WordPress Charset SQL injection vulnerability (re-resend)

Credit: Abel Cheung
Risk: Medium
Local: No
Remote: Yes

CVSS Base Score: 6.8/10
Impact Subscore: 6.4/10
Exploitability Subscore: 8.6/10
Exploit range: Remote
Attack complexity: Medium
Authentication: No required
Confidentiality impact: Partial
Integrity impact: Partial
Availability impact: Partial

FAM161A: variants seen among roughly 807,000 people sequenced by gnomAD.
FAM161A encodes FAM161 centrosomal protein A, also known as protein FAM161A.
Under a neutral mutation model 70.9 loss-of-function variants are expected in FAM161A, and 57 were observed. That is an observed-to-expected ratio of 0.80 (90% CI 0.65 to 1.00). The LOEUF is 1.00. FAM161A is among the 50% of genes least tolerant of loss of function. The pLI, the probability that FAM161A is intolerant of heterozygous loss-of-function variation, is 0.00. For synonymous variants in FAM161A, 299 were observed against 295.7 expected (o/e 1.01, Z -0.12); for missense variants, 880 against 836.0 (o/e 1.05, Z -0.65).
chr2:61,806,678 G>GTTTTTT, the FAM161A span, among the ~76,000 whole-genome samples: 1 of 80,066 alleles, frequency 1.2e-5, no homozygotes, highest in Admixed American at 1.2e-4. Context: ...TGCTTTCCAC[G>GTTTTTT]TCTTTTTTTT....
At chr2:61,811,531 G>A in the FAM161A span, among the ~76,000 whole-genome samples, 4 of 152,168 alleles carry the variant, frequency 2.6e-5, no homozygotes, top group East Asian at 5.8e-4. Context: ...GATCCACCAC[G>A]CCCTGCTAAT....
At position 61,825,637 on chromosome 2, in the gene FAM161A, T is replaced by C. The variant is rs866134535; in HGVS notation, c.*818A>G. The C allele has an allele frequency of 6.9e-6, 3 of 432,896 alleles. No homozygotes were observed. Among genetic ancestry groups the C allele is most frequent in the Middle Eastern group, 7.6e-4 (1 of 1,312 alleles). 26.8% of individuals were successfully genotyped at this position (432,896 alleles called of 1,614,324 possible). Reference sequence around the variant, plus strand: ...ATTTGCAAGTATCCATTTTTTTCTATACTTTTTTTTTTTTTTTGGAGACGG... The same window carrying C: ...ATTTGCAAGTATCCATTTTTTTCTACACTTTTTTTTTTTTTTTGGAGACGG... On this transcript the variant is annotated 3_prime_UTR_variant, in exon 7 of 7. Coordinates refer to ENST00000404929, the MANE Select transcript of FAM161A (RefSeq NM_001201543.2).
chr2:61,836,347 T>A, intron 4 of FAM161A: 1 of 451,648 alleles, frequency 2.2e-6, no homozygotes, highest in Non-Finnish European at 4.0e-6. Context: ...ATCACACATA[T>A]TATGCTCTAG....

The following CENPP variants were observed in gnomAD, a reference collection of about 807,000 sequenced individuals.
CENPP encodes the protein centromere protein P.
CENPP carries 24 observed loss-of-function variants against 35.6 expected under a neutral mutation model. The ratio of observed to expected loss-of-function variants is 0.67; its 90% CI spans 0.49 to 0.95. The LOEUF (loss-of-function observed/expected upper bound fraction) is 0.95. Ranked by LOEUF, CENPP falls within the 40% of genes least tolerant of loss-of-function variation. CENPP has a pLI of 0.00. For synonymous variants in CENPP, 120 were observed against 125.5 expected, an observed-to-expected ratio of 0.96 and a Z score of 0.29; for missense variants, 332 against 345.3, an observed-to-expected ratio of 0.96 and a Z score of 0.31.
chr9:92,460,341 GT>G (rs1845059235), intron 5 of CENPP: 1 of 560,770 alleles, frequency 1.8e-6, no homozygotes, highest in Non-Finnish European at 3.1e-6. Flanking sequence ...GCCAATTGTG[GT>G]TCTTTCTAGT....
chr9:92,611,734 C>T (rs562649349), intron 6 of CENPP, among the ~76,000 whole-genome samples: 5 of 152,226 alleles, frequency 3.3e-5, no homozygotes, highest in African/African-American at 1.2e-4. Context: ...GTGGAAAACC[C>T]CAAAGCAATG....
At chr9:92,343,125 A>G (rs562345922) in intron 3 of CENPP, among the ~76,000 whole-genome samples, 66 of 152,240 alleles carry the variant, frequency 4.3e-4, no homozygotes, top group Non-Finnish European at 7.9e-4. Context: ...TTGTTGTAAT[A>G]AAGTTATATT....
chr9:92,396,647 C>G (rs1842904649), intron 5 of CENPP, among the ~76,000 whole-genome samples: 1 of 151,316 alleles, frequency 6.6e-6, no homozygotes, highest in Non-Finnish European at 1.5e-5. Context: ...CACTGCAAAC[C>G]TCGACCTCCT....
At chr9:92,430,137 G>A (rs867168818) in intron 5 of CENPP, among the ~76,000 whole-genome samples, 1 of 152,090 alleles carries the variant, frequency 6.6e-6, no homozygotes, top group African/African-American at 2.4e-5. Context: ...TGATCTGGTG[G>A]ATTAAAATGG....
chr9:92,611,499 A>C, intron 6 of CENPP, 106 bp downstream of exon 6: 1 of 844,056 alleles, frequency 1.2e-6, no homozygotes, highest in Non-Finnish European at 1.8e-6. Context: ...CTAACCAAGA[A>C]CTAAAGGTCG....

Terribly sorry, gmail messed up the GPG signature. Hope this one can get through. === WordPress Charset SQL Injection Vulnerability === Release date: 2007-12-10 Last modified: 2007-12-10 Source: Abel Cheung <abelcheung at gmail dot com> Affected version: WordPress <= 2.3.1 Exploit type: Remote Risk: Moderate CVE: pending Reference: http://www.abelcheung.org/advisory/20071210-wordpress-charset.txt 1. Summary 2. Detail 3. Proof of concept 4. Workaround 1. Summary Quoting from http://wordpress.org/: WordPress is a state-of-the-art semantic personal publishing platform with a focus on aesthetics, web standards, and usability. What a mouthful. WordPress is both free and priceless at the same time. It is found that the search function provided within WordPress fails to sanitize input based on different character sets. So if WordPress tries to query MySQL database using certain specific character sets, WordPress search function is exploitable using charset-based SQL injection. Currently known character sets exploitable include Big5 and GBK. All of them may use backslash ('\') as part of multibyte character. WordPress with MySQL database created any other character sets fulfilling such property may also be exploitable. Executing this attack alone results in exposure of all database content on web interface without need of authentication. However, if combined with other exploits (such as cookie authentication vulnerability in http://www.cl.cam.ac.uk/~sjm217/advisories/wordpress-cookie-auth.txt), any remote user can obtain WordPress admin privilege, resulting in server compromise. 2. Detail Most database query in WordPress uses escape() method to sanitize SQL string, which is essentially filtering input via addslashes() function. However addslashes() fails to consider character set used in SQL string, and blindly inserts backslash before any single quote, regardless of whether such backslashes will form another valid character or not. In proof of concept used in this advisory, two bytes 0xB327 is injected into search variable. After escaping string with escape(), a backslash (0x5C) is inserted before single quote (0x27), thus becoming 0xB35C27. However 0xB35C is a valid Big5 multibyte character, leaving the single quote behind, so SQL injection occurs. The same multibyte character is also valid under GBK encoding. Inside SQL statement used within proof of concept, MD5 hashes of all users' passwords are selected from database, and presented as post title. With suitable SQL statement, any database field can be dumped in similar way. Currently it is known that WordPress search function uses this insufficient method to sanitize database query. Possibly other database queries utilizing same method to filter user input can be equally susceptible. However, note that WordPress sites using such character sets is not very common, since most default installation uses either latin1 or utf8 character set. Asian sites, in particular Chinese ones, are more likely vulnerable. Although all WordPress versions before 2.3.1 are vulnerable, only WordPress 2.2 or above allows changing database query character set via WordPress configuration file (wp-config.php). For all versions below 2.2, modifying MySQL configuration to use those character sets is needed for exploit to be functional. The setting of WordPress HTML character set (adjustable within WordPress admin page) is irrelevant. Relevant code is listed below. In wp-includes/query.php: // If a search pattern is specified, load the posts that match if ( !empty($q['s']) ) { ...... foreach((array)$q['search_terms'] as $term) { $term = addslashes_gpc($term); ...... } addslashes_gpc() is defined in wp-includes/formatting.php: function addslashes_gpc($gpc) { ...... return $wpdb->escape($gpc); } Finally, escape() method belongs to wp-includes/wp-db.php: function escape($string) { return addslashes( $string ); // Disable rest for now, causing problems ...... } 3. Proof of concept a. After WordPress installation, modify wp-config.php to make sure it uses certain character set for database connection (Big5 can also be used): define('DB_CHARSET', 'GBK'); b. http://localhost/wordpress/index.php?exact=1&sentence=1&s=%b3%27)))/**/A ND/**/ID=-1/**/UNION/**/SELECT/**/1,2,3,4,5,user_pass,7,8,9,10,11,12,13, 14,15,16,17,18,19,20,21,22,23,24/**/FROM/**/wp_users%23 4. Workaround Note: This vulnerability only exists for database queries performed using certain character sets. For databases created in most other character sets no remedy is needed. a. It is recommended to convert WordPress database to use character sets not vulnerable to such SQL exploit. One such charset is UTF-8, which does not use backslash ('\') as part of character and it supports various languages. b. Alternatively, edit WordPress theme to remove search capability. -- Abel Cheung (GPG Key: 0xC67186FF) Key fingerprint: 671C C7AE EFB5 110C D6D1 41EE 4152 E1F1 C671 86FF -------------------------------------------------------------------- * GNOME Hong Kong - http://www.gnome.hk/ * Opensource Application Knowledge Assoc. - http://oaka.org/ -----BEGIN PGP SIGNATURE----- Version: GnuPG v1.4.6 (GNU/Linux) iD8DBQFHXZH9QVLh8cZxhv8RAq1zAKCstcbLPWg3ixZvPy0o7YU+LDVTBQCdHvHE 9OB3ONLK5NA/bBly9qqpxmk= =RnDI -----END PGP SIGNATURE-----

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